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**Finding 1: Risk Analysis**

When IT computes risk in the same way that an actuary would, many IT investments will look completely different We define risk a “The probability of a quantified loss” Risk analysis of IT investments involves a probabilistic analysis of all uncertain variables

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**Real-world Measurements vs. Ideal Values**

Ideal Values: Point Real-world Meas. Normal Distribution Uniform Distribution Lognormal Distribution Hybrid Threshold confidence 15% 85%

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Calibrated Estimates Measuring your own uncertainty about a quantity is a general skill that can be taught with a measurable improvement Studies show that most managers are statistically “overconfident” when assessing their own uncertainty Training can “calibrate” people so that when they provide a 90% confidence interval, it still has a 90% chance of being right (even though it is subjective) When asked to provide a subjective 90% confidence interval, most managers provide a range that only has about a 40%-50% chance of being right Perceived 90% Confidence Interval Actual 90% Confidence Interval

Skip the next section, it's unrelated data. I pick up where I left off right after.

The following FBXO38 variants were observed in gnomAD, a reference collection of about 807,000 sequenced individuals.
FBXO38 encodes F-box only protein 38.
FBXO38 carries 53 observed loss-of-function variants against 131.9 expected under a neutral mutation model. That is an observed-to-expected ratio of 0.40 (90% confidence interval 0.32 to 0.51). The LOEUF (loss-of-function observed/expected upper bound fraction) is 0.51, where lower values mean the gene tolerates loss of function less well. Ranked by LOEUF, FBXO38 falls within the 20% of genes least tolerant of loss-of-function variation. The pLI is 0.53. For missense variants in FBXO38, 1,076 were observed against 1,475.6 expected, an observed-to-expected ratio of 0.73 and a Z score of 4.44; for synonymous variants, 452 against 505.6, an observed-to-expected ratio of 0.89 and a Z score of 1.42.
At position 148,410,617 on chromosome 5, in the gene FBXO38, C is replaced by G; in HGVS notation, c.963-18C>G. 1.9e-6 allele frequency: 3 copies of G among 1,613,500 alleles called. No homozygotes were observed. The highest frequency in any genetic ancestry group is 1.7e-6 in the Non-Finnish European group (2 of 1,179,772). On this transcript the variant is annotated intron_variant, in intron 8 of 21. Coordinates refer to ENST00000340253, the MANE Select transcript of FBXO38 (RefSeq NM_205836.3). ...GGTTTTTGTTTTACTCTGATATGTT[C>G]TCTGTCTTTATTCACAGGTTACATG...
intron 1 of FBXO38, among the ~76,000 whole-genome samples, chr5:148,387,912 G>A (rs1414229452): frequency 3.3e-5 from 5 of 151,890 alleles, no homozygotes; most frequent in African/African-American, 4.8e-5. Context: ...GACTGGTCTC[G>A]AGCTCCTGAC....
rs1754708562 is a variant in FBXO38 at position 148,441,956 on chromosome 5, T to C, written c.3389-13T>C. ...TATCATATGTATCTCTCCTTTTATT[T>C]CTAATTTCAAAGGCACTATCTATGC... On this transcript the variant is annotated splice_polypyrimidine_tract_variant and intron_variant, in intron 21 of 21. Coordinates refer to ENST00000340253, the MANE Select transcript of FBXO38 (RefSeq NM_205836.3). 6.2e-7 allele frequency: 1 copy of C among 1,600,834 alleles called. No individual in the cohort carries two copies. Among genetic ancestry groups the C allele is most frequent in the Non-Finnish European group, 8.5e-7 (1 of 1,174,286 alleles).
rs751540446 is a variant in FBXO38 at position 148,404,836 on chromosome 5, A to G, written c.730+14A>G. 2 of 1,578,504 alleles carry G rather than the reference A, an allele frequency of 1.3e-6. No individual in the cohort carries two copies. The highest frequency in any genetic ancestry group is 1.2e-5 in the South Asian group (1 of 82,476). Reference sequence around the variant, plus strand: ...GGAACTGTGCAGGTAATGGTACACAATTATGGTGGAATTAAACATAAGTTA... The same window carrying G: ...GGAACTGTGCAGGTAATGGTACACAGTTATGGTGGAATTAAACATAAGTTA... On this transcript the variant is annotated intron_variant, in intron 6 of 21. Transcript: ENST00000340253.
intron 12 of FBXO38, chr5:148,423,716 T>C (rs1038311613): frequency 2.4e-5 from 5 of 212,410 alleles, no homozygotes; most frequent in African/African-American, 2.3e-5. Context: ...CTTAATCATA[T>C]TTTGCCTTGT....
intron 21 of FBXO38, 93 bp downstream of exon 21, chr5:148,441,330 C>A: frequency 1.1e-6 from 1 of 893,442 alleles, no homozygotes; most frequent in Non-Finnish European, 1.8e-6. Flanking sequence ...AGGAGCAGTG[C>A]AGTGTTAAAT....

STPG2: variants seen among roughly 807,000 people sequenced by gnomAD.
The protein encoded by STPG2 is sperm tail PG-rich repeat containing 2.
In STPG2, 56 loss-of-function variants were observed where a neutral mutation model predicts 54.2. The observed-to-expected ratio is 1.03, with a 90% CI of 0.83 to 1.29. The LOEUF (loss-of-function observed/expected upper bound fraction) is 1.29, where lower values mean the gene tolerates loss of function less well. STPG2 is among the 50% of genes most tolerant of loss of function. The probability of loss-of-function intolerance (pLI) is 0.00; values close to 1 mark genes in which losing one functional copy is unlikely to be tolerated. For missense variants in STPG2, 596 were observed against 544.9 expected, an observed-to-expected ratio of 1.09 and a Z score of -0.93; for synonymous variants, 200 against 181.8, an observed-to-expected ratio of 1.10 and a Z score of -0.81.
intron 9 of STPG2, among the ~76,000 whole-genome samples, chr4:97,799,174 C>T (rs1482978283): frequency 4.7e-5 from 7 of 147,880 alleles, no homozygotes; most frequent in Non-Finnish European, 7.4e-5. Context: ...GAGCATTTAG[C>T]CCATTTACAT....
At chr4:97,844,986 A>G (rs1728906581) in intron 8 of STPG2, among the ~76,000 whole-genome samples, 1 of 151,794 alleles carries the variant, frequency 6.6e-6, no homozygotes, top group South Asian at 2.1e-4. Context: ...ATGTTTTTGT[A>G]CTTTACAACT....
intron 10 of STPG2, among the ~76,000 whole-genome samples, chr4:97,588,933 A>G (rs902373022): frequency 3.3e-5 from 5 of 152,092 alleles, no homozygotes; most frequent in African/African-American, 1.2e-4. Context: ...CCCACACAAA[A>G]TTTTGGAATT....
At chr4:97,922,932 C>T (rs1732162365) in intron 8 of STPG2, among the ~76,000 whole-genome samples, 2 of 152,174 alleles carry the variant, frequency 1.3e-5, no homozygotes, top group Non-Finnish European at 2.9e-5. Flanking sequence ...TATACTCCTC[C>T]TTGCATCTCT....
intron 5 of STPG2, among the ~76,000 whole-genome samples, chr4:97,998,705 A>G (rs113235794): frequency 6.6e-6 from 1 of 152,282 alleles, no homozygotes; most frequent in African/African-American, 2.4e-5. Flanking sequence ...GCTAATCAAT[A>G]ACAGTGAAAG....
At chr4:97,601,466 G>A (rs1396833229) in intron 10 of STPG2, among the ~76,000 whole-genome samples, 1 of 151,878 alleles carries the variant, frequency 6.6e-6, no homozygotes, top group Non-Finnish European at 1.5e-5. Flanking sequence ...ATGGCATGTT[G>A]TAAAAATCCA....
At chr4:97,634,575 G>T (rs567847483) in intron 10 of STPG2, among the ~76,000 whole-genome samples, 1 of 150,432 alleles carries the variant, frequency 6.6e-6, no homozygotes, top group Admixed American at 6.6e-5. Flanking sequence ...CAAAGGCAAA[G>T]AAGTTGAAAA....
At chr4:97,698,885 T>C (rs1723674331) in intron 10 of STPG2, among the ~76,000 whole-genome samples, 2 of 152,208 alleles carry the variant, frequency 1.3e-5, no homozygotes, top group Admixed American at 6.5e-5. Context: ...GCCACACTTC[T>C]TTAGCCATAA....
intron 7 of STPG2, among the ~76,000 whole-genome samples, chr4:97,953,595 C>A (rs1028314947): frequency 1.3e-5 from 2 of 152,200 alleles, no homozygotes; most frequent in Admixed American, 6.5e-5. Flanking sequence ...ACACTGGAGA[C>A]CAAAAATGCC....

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**Distribution-based ROI**

Administrative Cost Reduction Total Project Cost % Improvement in Customer Retention 5% 10% 15% 20% 30% $2 million $4 million $6 million ROI -50% 50% 100% 0% Inputs

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**Analyzing the Distribution**

ROI = 0% “Expected” ROI Risk of Negative ROI Probability of Positive ROI The “cancellation hump” -25% 0% 25% 50% 75% 100% 125% Return on Investment (ROI)